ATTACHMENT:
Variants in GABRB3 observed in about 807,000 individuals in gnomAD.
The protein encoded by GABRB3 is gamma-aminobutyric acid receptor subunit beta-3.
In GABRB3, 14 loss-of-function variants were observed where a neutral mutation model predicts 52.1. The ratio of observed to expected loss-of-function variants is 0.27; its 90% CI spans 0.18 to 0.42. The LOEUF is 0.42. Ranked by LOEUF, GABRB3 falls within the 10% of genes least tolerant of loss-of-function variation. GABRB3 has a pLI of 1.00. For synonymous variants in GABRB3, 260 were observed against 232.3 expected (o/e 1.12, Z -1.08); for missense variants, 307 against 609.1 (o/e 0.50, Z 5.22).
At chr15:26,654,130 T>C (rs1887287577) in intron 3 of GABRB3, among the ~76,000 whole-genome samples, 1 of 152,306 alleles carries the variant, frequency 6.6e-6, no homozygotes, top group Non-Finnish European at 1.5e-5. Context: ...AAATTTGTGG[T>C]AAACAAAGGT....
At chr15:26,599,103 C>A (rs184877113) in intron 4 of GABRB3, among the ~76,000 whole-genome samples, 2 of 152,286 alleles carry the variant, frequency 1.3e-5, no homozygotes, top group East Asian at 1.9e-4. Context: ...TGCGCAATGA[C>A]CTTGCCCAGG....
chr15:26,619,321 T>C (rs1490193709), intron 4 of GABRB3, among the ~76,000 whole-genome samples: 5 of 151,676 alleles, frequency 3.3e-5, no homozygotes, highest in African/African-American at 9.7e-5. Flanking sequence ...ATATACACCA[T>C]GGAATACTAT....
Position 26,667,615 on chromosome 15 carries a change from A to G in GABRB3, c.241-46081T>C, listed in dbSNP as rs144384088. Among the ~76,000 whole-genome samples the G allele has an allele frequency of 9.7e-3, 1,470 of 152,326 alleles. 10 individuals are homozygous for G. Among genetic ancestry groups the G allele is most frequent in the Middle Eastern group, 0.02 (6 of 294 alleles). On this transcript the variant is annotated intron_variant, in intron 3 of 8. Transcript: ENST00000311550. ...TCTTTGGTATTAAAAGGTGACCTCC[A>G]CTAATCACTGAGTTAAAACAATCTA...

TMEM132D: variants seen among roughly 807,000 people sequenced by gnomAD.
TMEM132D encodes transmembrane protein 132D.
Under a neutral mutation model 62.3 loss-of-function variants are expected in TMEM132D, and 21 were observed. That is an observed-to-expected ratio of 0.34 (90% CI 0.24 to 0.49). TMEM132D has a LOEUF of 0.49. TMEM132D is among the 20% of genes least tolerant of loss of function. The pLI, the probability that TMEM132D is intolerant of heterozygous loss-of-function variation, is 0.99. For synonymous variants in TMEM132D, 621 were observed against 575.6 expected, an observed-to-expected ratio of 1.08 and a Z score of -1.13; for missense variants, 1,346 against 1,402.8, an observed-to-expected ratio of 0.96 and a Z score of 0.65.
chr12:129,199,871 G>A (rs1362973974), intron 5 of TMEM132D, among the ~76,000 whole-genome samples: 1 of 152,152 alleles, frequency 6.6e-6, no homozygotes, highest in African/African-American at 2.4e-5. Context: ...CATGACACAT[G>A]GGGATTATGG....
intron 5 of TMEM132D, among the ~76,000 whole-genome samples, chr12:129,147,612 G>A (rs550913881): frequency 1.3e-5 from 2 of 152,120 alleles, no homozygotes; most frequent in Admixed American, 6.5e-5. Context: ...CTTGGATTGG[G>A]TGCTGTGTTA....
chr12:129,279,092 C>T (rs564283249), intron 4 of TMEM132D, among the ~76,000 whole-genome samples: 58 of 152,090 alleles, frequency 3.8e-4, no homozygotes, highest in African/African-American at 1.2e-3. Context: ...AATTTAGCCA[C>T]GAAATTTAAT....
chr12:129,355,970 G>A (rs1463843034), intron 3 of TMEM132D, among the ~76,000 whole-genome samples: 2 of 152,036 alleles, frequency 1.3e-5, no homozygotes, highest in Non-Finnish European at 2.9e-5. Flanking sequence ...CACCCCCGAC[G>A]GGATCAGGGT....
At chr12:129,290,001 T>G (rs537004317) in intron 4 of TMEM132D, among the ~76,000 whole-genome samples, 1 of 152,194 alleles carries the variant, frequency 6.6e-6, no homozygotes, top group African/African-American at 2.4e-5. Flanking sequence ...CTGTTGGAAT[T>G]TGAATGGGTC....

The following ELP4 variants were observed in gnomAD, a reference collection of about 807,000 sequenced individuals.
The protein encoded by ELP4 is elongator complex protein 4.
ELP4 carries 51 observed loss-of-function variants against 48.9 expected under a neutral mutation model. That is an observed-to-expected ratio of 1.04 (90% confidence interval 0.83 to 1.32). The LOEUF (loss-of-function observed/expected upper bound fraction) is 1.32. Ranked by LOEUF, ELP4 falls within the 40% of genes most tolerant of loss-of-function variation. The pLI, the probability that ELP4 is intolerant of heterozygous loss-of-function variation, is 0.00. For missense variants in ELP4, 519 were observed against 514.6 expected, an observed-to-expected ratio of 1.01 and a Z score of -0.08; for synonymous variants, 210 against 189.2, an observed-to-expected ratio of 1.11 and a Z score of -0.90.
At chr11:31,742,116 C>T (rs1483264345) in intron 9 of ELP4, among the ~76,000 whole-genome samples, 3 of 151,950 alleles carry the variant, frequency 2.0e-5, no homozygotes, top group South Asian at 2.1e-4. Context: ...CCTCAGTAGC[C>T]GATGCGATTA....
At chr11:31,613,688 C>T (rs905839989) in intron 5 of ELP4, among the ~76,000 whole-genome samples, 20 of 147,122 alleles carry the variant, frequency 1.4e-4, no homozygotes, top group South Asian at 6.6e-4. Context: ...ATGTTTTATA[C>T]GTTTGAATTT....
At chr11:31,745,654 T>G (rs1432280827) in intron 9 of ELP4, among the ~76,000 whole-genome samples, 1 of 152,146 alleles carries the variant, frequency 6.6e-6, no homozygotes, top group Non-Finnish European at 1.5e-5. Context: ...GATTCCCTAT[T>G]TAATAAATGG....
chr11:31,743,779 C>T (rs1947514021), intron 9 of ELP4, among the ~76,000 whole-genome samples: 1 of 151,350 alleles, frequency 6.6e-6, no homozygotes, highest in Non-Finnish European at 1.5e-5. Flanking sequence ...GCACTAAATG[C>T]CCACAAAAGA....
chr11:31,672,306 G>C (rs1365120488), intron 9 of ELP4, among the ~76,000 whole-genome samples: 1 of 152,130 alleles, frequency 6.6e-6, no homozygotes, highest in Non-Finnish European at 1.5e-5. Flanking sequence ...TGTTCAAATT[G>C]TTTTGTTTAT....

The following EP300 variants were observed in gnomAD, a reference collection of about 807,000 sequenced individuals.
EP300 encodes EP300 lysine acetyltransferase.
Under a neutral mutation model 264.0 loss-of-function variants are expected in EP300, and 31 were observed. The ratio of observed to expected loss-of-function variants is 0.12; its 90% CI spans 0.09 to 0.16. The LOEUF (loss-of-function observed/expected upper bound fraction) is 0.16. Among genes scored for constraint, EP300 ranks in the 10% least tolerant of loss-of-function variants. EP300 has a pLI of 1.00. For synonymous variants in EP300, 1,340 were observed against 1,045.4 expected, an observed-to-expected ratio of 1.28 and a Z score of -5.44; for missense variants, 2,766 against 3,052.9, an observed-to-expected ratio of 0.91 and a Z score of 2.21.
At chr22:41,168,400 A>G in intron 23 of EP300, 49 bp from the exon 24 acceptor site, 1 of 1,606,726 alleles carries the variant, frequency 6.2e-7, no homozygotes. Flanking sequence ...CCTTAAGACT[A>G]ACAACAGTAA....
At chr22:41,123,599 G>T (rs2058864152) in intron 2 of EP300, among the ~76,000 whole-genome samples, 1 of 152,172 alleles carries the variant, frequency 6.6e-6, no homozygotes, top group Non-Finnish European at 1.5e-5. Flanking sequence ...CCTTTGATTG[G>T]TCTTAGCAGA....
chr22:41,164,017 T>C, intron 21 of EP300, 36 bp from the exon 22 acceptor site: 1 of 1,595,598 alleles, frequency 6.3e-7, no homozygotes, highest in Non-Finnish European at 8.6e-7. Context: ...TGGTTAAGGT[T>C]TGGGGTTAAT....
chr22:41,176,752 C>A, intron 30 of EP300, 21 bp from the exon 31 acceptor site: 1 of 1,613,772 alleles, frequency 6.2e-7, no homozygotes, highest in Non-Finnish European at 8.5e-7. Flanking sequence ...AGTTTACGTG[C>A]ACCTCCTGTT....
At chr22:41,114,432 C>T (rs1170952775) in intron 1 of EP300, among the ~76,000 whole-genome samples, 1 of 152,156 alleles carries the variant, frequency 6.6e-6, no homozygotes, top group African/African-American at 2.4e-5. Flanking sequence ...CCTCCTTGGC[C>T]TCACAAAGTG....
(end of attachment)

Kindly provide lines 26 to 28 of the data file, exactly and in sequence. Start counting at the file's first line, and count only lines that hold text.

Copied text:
Under a neutral mutation model 264.0 loss-of-function variants are expected in EP300, and 31 were observed. The ratio of observed to expected loss-of-function variants is 0.12; its 90% CI spans 0.09 to 0.16. The LOEUF (loss-of-function observed/expected upper bound fraction) is 0.16. Among genes scored for constraint, EP300 ranks in the 10% least tolerant of loss-of-function variants. EP300 has a pLI of 1.00. For synonymous variants in EP300, 1,340 were observed against 1,045.4 expected, an observed-to-expected ratio of 1.28 and a Z score of -5.44; for missense variants, 2,766 against 3,052.9, an observed-to-expected ratio of 0.91 and a Z score of 2.21.
At chr22:41,168,400 A>G in intron 23 of EP300, 49 bp from the exon 24 acceptor site, 1 of 1,606,726 alleles carries the variant, frequency 6.2e-7, no homozygotes. Flanking sequence ...CCTTAAGACT[A>G]ACAACAGTAA....
At chr22:41,123,599 G>T (rs2058864152) in intron 2 of EP300, among the ~76,000 whole-genome samples, 1 of 152,172 alleles carries the variant, frequency 6.6e-6, no homozygotes, top group Non-Finnish European at 1.5e-5. Flanking sequence ...CCTTTGATTG[G>T]TCTTAGCAGA....